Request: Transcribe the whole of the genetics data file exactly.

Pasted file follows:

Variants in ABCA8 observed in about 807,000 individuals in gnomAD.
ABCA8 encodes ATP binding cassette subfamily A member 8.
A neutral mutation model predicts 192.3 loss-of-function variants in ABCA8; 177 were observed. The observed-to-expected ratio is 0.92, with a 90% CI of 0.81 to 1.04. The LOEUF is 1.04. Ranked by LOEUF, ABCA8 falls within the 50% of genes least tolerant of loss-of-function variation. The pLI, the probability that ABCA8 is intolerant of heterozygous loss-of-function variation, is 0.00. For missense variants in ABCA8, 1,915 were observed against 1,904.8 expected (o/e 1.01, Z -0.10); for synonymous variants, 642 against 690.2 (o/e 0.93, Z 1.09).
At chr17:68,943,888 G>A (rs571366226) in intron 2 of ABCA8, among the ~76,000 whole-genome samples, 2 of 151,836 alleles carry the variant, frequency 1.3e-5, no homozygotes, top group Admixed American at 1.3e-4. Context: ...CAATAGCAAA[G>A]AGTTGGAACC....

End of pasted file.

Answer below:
Variants in ABCA8 observed in about 807,000 individuals in gnomAD.
ABCA8 encodes ATP binding cassette subfamily A member 8.
A neutral mutation model predicts 192.3 loss-of-function variants in ABCA8; 177 were observed. The observed-to-expected ratio is 0.92, with a 90% CI of 0.81 to 1.04. The LOEUF is 1.04. Ranked by LOEUF, ABCA8 falls within the 50% of genes least tolerant of loss-of-function variation. The pLI, the probability that ABCA8 is intolerant of heterozygous loss-of-function variation, is 0.00. For missense variants in ABCA8, 1,915 were observed against 1,904.8 expected (o/e 1.01, Z -0.10); for synonymous variants, 642 against 690.2 (o/e 0.93, Z 1.09).
At chr17:68,943,888 G>A (rs571366226) in intron 2 of ABCA8, among the ~76,000 whole-genome samples, 2 of 151,836 alleles carry the variant, frequency 1.3e-5, no homozygotes, top group Admixed American at 1.3e-4. Context: ...CAATAGCAAA[G>A]AGTTGGAACC....